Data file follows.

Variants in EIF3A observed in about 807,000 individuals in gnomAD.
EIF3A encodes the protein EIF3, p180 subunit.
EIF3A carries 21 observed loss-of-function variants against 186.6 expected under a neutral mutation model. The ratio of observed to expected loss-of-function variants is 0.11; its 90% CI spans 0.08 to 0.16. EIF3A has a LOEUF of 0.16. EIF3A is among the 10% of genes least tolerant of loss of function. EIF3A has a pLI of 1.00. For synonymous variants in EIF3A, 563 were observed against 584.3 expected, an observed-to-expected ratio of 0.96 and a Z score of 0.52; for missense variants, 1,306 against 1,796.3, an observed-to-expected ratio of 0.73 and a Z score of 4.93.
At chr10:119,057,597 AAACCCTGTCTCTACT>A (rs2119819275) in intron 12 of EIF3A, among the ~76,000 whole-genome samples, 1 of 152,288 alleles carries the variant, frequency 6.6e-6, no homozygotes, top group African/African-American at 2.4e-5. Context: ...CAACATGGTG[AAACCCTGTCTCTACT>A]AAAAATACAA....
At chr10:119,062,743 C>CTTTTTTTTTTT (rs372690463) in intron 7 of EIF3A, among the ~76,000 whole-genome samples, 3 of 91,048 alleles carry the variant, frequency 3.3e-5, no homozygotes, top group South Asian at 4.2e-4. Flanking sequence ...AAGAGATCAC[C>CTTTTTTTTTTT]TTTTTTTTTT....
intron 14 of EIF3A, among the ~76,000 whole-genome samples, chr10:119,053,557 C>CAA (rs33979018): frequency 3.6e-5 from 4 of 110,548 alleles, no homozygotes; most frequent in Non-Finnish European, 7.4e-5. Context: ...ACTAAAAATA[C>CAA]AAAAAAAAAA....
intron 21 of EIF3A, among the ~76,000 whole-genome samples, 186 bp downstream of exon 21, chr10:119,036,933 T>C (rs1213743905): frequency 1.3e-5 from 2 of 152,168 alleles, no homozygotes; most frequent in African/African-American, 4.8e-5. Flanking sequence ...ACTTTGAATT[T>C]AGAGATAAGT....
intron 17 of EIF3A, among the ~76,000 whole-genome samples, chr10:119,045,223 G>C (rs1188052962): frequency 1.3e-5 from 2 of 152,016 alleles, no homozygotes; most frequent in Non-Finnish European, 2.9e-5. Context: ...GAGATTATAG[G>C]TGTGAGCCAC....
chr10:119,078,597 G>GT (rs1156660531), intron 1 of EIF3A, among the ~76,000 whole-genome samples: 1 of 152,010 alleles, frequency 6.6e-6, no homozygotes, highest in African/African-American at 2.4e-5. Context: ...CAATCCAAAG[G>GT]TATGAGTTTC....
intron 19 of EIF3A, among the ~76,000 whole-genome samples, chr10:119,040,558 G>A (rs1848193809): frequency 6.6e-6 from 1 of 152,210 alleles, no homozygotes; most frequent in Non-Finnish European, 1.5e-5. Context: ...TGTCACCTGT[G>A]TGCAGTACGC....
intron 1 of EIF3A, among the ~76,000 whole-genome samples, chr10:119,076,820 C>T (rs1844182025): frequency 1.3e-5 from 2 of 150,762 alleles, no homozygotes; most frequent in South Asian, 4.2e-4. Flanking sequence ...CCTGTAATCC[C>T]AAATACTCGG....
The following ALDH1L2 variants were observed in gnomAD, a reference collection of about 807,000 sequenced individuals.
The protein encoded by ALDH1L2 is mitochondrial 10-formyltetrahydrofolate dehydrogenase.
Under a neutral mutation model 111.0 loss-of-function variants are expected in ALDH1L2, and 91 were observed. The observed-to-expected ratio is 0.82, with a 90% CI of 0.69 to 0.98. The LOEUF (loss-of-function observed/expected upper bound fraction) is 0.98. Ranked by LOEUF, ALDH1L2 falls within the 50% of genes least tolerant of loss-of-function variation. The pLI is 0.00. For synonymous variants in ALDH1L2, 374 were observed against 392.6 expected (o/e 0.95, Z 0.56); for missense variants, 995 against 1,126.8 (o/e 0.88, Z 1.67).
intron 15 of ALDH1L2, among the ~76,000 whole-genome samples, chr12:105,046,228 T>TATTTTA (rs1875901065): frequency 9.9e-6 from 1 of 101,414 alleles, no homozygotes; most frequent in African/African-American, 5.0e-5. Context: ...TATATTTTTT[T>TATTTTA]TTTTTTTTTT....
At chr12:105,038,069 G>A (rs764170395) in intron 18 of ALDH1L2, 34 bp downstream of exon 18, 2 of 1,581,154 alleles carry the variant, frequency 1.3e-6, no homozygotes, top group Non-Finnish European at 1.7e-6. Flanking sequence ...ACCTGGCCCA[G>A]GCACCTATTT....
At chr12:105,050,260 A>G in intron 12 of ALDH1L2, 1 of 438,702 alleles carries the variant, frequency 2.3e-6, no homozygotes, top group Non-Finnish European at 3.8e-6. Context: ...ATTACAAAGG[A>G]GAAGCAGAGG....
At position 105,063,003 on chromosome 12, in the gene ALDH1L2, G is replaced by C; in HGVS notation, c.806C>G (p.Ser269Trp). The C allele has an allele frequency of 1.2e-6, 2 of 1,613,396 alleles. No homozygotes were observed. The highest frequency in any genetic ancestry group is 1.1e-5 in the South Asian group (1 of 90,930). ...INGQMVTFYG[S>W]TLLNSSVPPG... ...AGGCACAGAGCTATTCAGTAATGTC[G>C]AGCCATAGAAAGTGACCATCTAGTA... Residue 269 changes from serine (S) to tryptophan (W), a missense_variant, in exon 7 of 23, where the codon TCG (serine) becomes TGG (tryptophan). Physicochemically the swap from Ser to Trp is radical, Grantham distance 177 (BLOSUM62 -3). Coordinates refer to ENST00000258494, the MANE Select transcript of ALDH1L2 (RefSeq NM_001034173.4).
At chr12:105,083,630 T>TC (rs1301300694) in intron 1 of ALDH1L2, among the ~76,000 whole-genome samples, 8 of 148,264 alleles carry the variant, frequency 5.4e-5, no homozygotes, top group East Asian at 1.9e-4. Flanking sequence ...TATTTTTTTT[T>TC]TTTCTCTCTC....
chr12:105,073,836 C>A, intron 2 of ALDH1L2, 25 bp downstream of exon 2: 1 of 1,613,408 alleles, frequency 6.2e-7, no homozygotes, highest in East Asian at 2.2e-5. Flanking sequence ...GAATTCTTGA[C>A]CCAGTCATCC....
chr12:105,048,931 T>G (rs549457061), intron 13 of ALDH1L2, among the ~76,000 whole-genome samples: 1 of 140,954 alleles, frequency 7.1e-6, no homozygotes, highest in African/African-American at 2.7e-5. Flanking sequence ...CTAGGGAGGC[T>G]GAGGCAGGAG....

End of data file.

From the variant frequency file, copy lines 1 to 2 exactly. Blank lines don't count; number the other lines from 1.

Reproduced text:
Variants in EIF3A observed in about 807,000 individuals in gnomAD.
EIF3A encodes the protein EIF3, p180 subunit.